Back-to-Backs: The Science & Study Behind its Importance

“If you would seek health, look first to the spine.”



Did you know that the study of the spine and its health dates back to Ancient China and Ancient Greece? The Father of Modern Medicine, Hippocrates, observed and documented spinal “manipulations” in his pioneering work Corpus Hippocrateum, where he states, “Get knowledge of the spine, for this is the requisite for many diseases.” And the spine is just one of the many important parts that make-up our back.

Your back is one of the most important muscles in your body. Its capacity as a muscle is what carries your upper body throughout the entire day. It is for this very reason your back is also susceptible to a lot of aches and pains that can affect your mobility and eventually the rest of your body.

How do backs go bad?

In America, millions below the age of 45 experience back pain severe enough to be a cause for disability, and the causes for this are so diverse. They can range from physical strain during exercise, to something as simple as sitting on a chair for extended periods of time each day.

The bottomline is: back pain exists often because something is not aligned in your discs (bones), muscles, nerves, and how they fit together for movement.

Science & Studies say... released an article late last year sharing that The Irish Heart Foundation (IHF) launched a campaign called, "Chairs Can Kill," to help raise others’ awareness of the risks involved when a habit is made of sitting for long periods of time.

Part of the campaign was to study how long the average working person in Ireland would spend sitting down each day, and produced results showing the average time was at around 7.3 hours each day, sitting down.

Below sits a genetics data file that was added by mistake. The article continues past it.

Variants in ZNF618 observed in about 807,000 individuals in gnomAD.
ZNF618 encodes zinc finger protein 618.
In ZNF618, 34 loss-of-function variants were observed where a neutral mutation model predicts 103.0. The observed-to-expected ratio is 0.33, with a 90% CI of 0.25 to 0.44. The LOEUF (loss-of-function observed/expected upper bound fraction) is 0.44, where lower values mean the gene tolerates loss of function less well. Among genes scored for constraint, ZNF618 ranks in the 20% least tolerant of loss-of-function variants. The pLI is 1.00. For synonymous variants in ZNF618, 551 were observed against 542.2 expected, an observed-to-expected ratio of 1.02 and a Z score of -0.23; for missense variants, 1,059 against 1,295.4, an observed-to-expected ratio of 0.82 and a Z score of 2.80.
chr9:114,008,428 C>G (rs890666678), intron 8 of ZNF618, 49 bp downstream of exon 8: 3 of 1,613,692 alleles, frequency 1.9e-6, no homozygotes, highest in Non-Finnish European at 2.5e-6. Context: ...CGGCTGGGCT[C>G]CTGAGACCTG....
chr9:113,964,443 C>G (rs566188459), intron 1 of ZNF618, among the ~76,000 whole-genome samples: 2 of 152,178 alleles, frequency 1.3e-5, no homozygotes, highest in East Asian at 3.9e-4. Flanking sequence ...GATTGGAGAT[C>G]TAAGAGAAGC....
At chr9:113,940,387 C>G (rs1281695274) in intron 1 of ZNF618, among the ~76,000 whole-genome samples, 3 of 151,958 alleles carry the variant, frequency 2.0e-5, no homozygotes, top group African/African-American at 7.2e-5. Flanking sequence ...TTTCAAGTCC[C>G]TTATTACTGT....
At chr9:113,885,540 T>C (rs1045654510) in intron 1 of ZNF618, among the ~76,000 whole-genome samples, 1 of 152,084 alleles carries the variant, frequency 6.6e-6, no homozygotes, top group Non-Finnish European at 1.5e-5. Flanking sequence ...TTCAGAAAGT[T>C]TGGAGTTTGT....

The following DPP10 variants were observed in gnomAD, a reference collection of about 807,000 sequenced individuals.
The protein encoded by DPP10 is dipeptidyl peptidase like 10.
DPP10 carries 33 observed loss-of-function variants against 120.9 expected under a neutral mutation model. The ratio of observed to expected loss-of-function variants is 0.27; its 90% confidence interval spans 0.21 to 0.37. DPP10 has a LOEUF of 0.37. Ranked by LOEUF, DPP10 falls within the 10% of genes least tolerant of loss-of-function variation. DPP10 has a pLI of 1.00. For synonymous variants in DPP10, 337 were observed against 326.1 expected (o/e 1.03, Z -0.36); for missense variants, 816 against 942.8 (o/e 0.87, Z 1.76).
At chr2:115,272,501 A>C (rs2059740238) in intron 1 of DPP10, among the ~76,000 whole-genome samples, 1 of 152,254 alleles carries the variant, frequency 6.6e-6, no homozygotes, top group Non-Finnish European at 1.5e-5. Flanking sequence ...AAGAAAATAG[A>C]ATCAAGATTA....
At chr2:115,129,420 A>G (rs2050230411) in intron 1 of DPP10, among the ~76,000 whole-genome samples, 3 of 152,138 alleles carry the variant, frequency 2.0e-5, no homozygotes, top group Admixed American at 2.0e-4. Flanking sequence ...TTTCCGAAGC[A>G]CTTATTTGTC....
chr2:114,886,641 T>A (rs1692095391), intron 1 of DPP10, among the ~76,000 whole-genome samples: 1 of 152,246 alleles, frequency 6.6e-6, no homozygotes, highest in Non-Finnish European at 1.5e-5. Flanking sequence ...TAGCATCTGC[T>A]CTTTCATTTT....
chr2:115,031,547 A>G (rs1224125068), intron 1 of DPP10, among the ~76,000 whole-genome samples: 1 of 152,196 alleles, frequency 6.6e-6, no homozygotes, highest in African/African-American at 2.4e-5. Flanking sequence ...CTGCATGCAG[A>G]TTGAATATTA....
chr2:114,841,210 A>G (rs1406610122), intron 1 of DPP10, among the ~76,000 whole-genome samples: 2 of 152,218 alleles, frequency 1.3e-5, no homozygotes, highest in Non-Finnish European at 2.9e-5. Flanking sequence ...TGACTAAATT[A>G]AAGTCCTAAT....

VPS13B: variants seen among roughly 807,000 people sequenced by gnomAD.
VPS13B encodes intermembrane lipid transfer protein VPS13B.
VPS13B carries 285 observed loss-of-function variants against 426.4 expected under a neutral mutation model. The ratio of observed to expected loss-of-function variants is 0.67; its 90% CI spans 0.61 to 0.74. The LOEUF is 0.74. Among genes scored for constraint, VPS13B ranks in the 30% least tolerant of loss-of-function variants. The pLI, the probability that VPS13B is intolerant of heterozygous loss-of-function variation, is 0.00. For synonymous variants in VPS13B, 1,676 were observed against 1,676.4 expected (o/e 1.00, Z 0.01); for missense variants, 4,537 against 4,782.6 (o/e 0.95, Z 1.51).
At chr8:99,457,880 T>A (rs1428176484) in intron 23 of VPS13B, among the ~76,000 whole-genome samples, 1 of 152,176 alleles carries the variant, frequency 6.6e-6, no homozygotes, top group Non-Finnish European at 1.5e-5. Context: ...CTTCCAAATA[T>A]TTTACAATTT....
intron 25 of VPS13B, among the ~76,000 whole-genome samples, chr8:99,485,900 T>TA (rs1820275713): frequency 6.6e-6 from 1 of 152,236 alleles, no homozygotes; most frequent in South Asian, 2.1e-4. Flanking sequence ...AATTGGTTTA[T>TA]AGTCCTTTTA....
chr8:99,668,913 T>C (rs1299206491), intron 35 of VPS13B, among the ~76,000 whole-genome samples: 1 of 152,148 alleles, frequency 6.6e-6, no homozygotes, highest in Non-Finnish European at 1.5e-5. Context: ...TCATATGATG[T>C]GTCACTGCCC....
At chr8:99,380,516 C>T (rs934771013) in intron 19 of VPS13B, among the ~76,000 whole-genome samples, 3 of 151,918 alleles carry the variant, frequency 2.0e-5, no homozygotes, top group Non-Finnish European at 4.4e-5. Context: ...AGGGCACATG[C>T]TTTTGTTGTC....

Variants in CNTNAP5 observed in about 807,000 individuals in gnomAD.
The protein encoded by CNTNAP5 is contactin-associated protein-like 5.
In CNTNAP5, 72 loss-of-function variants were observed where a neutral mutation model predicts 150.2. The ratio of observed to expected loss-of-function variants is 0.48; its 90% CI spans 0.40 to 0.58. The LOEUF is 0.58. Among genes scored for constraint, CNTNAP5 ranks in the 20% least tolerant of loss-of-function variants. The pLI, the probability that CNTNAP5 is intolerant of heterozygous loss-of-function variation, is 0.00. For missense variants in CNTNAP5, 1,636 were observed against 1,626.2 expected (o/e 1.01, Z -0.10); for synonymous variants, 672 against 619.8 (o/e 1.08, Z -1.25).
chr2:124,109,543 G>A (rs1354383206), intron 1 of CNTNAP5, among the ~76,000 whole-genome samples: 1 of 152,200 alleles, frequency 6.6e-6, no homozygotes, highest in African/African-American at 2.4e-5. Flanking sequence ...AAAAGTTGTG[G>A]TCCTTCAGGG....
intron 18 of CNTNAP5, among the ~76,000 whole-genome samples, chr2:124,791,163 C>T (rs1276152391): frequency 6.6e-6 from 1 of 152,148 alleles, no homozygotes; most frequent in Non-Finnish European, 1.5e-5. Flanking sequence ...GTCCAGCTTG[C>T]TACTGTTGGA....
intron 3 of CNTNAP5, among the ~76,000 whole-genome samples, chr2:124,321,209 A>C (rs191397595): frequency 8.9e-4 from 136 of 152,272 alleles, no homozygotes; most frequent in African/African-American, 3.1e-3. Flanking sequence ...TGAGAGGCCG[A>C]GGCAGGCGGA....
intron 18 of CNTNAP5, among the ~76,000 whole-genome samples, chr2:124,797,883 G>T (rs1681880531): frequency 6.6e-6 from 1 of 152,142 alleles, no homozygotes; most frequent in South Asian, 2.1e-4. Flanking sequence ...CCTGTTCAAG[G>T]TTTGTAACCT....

IHF’s Head of Health Promotion, Information and Training, Janis Morrissey shared, "Sitting for long periods of time increases your risk of heart disease and stroke. Even more worryingly, there is now increasing evidence that the positive health benefits of exercise may not entirely counteract the negative effects of a mostly sedentary lifestyle."

Further study will show you that constant strain on your back (no matter how intensive or minimal) can lead to headaches, poor back posture, and compression or a tight chest. Also, without proper care, weak back strength will encourage weak core strength as well, and as our bodies age we can become more and more susceptible to injury even with our daily habits.

The reality is, the number of people and the amount of time they spend seated for long hours is increasing, so ensuring you do all you can to maintain good back health is vital — for you.

What should be done?

If you are experiencing back pain right now or are in the space of prevention from its developing in the future, there are several options you can consider in which all involve movement. Toss out the idea that protection from back strain and pain is possible if you try to minimise your daily movement.

A lack of bodily movement can actually worsen pain, cause stiffness, the de-conditioning of your bones and muscles, and an overall weakness of the body. The fact of the matter is: movement is a necessity for mobility and health.

Next week, I will be sharing on the blog more practical tips and simple poses for how to maintain your back health, especially considering back health for those who are developing scoliosis in their youth, due to long hours of sitting and carrying heaving bags.

For proper prevention and maintenance of your back’s health, I invite you to join me and Teacher Mary Farrelly for a new weekly course for Better Back Health beginning Monday, March 25th, from 8:30 - 10:00PM. I hope to see you there, and stay tuned for next week’s post.